Eagle Forum Legislative Alerts

Friday, December 28, 2012

Indian families are different

The TV characters Ozzie and Harriet were a national archetype in the 1950s. Since then, it has been undermined by feminism and by immigrant family values.

A NY Times article on India soap operas explains some of the family differences:
The extended family is still the bedrock of Indian society, ...

That may be a fantasy, but matriarchal interference (call it guidance) is marriage Indian-style. When Indian women discuss the need to “adjust” to matrimony, they don’t just mean adapting to a new husband. They mean moving in with his parents, grandparents and siblings, a custom that is still the norm, even in prosperous families. ...

Male children are favored in Indian society, and wives join the husband’s family at the low end of the pecking order, often relegated to kitchen drudge work while the mother-in-law rules over the grandchildren. “We live with our parents until we are married, then we live with someone else’s parents,” Ms. Kapoor said. “There is pressure to give everything to the son. It’s a source of conflict in so many homes.” (Ms. Kapoor, the daughter of well-known actors, is single and owns her own house but lives with her parents in their home anyway.) ...
I post this because Eagle Forum promotes family values, but the term is widely misunderstood. Indians have very strong family structures, but they are very different from the traditional American nuclear family.

Chinese families are different also, as the BBC reports:
China has passed a law requiring adult children to visit their elderly parents regularly or risk being sued.
Chinese Confucianism has always had great reverence for parents:
In the "Hiao-king", Confucius is recorded as saying: "Filial piety is the root of all virtue." - "Of all the actions of man there are none greater than those of filial piety." To the Chinese, filial piety prompts sons to love and respect their parents, contribute to their comfort and bring happiness and honor to their name by honorable success in life. Filial piety included the obligation of sons to live after marriage under the same roof with the father and to give him obedience as long as he lived. The will of the parents was declared to be supreme even to the extent that if the son's wife failed to please them he was obliged to divorce her. If a dutiful son found himself compelled to scold a wayward father he was taught to give the correction with the utmost meekness. The father does not forfeit his right to filial respect, no matter how great his wickedness.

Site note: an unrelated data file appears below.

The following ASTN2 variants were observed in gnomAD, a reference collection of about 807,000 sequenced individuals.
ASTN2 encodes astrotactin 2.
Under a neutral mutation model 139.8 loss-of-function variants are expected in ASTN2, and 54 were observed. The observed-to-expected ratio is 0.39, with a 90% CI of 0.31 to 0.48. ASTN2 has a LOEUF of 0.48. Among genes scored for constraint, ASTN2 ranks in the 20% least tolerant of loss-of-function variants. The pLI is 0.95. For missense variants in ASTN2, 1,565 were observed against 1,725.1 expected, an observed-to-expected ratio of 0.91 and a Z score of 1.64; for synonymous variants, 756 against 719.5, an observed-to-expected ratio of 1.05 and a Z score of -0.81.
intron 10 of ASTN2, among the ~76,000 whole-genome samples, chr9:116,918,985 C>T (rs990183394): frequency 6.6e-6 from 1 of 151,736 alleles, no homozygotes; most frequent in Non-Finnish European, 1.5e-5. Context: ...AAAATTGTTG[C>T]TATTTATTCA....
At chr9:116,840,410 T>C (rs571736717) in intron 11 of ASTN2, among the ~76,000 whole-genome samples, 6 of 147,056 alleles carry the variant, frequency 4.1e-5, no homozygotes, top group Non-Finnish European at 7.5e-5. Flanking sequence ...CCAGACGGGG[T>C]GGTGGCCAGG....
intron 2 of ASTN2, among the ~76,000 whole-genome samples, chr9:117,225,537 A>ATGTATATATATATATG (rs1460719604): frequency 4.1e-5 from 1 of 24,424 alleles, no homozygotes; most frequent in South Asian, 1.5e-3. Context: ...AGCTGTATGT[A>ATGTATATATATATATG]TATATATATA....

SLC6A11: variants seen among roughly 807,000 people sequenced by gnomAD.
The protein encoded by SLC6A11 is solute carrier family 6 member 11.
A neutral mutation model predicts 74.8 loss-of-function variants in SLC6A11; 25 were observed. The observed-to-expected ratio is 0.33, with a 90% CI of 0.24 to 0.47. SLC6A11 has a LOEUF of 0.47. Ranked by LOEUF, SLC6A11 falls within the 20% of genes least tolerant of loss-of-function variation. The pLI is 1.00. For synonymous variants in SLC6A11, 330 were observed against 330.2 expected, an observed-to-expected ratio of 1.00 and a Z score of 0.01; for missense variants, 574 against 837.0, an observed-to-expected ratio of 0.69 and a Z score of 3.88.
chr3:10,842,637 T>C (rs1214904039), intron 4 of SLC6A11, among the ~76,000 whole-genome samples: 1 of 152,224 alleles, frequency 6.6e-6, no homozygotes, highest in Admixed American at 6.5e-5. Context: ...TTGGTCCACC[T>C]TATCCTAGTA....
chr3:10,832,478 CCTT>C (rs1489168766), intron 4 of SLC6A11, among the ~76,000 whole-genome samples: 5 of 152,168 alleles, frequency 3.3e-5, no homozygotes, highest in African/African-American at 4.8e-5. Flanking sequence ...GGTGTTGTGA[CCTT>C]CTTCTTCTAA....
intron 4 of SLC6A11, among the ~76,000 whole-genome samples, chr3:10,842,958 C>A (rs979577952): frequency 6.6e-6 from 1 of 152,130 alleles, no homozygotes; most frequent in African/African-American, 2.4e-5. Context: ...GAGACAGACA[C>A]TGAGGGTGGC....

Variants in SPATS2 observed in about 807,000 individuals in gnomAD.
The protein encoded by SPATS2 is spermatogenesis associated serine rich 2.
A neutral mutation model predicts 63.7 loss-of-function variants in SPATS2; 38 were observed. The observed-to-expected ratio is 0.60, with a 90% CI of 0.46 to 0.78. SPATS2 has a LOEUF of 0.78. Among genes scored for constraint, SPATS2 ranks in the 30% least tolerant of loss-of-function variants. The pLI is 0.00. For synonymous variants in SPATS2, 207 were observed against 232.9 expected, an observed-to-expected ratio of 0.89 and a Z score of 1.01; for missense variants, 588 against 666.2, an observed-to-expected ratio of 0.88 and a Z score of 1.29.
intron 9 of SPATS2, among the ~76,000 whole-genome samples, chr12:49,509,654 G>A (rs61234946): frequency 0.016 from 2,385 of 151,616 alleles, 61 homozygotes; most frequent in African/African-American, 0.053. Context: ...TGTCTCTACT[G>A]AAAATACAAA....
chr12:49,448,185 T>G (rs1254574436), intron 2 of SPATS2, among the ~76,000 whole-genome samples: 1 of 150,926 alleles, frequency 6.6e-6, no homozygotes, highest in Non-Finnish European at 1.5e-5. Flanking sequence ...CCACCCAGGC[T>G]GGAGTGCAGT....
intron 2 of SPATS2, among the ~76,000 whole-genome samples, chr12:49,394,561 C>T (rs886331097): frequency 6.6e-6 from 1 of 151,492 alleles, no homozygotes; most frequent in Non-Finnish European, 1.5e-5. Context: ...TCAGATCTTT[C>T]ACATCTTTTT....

Sometimes Republican strategists argue that Asian-Americans should be natural Republicans because of their strong families. In some ways Indian families are stronger, as they still have arranged marriages for underage girls. But Asians mostly voted for Barack Obama. One theory says that it is the nuclear families that are more likely to vote conservative.

Update: A NY Times editorial says:
More broadly, India must work on changing a culture in which women are routinely devalued. Many are betrothed against their will as child brides, and many suffer cruelly, including acid attacks and burning, at the hands of husbands and family members.

India, a rising economic power and the world’s largest democracy, can never reach its full potential if half its population lives in fear of unspeakable violence.
So while the above NY Times article gives the impression that elderly family matriarchs commonly interfere with marriages, the younger women are not necessarily treated well.

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